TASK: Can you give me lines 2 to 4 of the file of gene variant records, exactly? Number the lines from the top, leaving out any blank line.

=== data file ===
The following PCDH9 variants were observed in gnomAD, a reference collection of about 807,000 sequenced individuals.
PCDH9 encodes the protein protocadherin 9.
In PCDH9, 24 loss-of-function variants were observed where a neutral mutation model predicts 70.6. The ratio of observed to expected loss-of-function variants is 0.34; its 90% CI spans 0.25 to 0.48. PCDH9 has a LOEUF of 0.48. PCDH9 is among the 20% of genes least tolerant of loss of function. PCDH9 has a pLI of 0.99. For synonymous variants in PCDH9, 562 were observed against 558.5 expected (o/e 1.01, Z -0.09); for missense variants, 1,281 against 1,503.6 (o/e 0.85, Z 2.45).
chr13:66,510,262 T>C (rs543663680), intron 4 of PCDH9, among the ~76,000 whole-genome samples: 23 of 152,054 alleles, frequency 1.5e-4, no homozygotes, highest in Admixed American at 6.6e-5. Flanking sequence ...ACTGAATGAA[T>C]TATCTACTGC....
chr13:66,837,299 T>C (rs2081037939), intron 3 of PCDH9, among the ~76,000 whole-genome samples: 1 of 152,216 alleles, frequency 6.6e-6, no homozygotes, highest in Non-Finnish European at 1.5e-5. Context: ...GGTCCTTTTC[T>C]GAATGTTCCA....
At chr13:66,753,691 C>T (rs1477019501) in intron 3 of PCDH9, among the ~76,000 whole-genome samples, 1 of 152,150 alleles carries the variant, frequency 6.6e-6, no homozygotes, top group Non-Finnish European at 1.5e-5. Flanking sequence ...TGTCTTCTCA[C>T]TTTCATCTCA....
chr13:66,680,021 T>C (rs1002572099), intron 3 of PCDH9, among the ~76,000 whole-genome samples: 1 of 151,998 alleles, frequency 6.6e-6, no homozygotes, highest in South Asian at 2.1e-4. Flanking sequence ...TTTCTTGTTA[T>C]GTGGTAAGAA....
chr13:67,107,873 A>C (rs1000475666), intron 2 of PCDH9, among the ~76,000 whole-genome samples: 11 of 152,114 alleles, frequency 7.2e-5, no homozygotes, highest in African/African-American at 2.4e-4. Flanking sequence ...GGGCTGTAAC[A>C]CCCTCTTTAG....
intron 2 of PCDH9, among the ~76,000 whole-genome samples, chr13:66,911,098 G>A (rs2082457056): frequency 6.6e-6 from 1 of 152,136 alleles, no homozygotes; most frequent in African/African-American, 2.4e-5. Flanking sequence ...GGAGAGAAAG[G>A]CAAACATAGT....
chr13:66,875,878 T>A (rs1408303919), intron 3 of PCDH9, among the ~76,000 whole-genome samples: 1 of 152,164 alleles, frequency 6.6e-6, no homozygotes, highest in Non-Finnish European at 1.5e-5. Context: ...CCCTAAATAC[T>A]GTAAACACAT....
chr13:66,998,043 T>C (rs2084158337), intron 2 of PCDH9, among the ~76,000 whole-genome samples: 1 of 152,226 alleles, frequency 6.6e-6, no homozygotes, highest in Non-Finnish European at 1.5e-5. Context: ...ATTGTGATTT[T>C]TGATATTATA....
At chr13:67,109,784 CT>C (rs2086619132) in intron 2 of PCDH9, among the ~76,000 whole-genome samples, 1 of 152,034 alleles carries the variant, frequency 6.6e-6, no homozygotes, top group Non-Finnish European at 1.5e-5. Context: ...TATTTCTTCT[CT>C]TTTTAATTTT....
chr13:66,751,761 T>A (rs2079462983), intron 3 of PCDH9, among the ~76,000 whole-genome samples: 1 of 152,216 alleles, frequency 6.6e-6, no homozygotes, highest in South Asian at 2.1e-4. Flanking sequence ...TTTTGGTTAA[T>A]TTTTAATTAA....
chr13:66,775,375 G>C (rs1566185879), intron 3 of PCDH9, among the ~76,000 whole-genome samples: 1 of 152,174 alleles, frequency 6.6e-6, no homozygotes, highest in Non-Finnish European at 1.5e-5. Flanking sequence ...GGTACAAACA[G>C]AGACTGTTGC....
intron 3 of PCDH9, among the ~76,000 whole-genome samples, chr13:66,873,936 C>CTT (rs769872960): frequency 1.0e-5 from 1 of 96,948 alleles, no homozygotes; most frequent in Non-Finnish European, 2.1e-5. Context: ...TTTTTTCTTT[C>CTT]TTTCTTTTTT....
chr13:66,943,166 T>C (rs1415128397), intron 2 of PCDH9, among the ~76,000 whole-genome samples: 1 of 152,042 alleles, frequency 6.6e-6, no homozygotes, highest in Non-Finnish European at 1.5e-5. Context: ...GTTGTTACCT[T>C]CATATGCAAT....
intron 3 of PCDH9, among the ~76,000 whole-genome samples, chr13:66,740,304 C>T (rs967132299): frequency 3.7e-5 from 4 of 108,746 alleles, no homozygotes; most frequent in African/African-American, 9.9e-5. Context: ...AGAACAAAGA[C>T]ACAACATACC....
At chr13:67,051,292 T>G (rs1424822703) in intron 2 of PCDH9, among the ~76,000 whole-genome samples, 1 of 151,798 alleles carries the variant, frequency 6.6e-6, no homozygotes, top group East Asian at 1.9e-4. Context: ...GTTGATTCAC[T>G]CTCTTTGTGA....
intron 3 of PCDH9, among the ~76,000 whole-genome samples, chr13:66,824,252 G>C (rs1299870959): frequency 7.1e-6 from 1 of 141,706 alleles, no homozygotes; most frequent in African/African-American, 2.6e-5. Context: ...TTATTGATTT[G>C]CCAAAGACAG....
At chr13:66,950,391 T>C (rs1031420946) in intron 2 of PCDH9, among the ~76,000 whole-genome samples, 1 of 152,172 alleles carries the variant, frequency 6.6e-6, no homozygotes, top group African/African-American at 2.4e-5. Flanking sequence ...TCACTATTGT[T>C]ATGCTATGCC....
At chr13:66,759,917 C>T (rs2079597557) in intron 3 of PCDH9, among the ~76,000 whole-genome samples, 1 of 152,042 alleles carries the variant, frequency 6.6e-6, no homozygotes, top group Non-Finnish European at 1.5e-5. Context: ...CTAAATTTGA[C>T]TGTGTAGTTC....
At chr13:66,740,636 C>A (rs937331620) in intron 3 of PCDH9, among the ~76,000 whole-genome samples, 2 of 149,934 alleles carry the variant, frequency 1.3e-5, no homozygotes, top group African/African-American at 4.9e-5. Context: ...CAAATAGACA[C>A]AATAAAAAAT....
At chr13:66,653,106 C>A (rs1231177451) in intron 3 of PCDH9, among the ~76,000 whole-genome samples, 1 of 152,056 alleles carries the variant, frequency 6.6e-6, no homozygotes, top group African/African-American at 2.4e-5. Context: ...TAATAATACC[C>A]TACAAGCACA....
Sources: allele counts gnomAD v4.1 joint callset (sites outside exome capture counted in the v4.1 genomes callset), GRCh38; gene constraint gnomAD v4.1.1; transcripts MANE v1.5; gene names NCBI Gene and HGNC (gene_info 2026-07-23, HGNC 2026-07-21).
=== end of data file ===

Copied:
PCDH9 encodes the protein protocadherin 9.
In PCDH9, 24 loss-of-function variants were observed where a neutral mutation model predicts 70.6. The ratio of observed to expected loss-of-function variants is 0.34; its 90% CI spans 0.25 to 0.48. PCDH9 has a LOEUF of 0.48. PCDH9 is among the 20% of genes least tolerant of loss of function. PCDH9 has a pLI of 0.99. For synonymous variants in PCDH9, 562 were observed against 558.5 expected (o/e 1.01, Z -0.09); for missense variants, 1,281 against 1,503.6 (o/e 0.85, Z 2.45).
chr13:66,510,262 T>C (rs543663680), intron 4 of PCDH9, among the ~76,000 whole-genome samples: 23 of 152,054 alleles, frequency 1.5e-4, no homozygotes, highest in Admixed American at 6.6e-5. Flanking sequence ...ACTGAATGAA[T>C]TATCTACTGC....